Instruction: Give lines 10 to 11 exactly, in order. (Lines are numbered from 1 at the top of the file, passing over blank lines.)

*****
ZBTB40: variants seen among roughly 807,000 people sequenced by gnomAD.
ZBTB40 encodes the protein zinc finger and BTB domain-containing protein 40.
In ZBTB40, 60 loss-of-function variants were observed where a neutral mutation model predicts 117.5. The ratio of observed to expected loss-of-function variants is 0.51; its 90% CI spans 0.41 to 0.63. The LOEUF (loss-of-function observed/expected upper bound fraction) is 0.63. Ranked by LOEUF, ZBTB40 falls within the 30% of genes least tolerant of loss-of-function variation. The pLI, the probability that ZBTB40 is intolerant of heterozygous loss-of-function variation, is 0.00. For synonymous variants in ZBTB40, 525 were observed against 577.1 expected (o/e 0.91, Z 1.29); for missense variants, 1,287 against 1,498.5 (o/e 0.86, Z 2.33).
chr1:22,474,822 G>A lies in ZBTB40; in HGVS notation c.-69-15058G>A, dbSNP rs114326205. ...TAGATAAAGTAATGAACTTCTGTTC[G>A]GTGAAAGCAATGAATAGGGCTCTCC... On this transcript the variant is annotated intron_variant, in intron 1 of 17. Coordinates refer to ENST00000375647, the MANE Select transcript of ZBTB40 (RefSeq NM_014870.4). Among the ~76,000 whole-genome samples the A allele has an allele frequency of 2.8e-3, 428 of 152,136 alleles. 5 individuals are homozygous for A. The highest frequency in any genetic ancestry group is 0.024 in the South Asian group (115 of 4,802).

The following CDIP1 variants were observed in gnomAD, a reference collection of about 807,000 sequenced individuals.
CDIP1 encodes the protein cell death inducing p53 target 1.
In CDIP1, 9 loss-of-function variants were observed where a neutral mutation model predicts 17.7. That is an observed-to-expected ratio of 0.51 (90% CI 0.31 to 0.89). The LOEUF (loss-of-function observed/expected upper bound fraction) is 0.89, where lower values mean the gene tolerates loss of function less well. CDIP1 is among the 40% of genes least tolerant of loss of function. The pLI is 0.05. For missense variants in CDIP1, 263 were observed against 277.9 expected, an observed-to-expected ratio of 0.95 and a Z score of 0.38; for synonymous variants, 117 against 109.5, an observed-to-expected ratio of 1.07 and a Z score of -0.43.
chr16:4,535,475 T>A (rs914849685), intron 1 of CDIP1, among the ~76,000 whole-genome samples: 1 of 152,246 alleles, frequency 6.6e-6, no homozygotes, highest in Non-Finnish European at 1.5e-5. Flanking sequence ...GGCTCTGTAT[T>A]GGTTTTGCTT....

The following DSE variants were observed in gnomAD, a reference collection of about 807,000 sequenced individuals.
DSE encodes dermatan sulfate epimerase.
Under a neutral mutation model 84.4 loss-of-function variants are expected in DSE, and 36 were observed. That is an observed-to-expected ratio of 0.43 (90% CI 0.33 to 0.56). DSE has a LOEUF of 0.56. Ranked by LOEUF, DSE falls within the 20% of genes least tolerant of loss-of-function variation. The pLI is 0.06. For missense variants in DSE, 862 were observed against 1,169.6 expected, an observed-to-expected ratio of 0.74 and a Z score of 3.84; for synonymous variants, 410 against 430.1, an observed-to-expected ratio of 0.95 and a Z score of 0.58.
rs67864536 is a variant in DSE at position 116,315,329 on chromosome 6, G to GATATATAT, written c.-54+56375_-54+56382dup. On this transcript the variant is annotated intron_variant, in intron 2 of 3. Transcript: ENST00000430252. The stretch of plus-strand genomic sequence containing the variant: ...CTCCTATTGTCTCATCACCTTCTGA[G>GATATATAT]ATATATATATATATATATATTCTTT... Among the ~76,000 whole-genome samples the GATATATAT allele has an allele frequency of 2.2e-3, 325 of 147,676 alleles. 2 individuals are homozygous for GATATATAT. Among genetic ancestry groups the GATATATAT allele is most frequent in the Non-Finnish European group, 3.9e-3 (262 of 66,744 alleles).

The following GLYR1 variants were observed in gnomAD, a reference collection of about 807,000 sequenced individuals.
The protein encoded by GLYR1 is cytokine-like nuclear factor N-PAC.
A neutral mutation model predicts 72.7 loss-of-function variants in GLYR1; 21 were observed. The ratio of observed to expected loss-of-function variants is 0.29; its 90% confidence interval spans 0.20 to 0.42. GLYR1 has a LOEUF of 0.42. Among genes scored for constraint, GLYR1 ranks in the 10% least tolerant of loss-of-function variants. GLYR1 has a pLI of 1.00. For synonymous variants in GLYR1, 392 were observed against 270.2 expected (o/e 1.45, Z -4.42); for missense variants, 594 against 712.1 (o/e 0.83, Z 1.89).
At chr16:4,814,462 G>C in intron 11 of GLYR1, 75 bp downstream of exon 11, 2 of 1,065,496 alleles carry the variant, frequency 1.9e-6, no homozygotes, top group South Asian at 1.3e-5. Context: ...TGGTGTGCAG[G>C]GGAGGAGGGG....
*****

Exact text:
DSE encodes dermatan sulfate epimerase.
Under a neutral mutation model 84.4 loss-of-function variants are expected in DSE, and 36 were observed. That is an observed-to-expected ratio of 0.43 (90% CI 0.33 to 0.56). DSE has a LOEUF of 0.56. Ranked by LOEUF, DSE falls within the 20% of genes least tolerant of loss-of-function variation. The pLI is 0.06. For missense variants in DSE, 862 were observed against 1,169.6 expected, an observed-to-expected ratio of 0.74 and a Z score of 3.84; for synonymous variants, 410 against 430.1, an observed-to-expected ratio of 0.95 and a Z score of 0.58.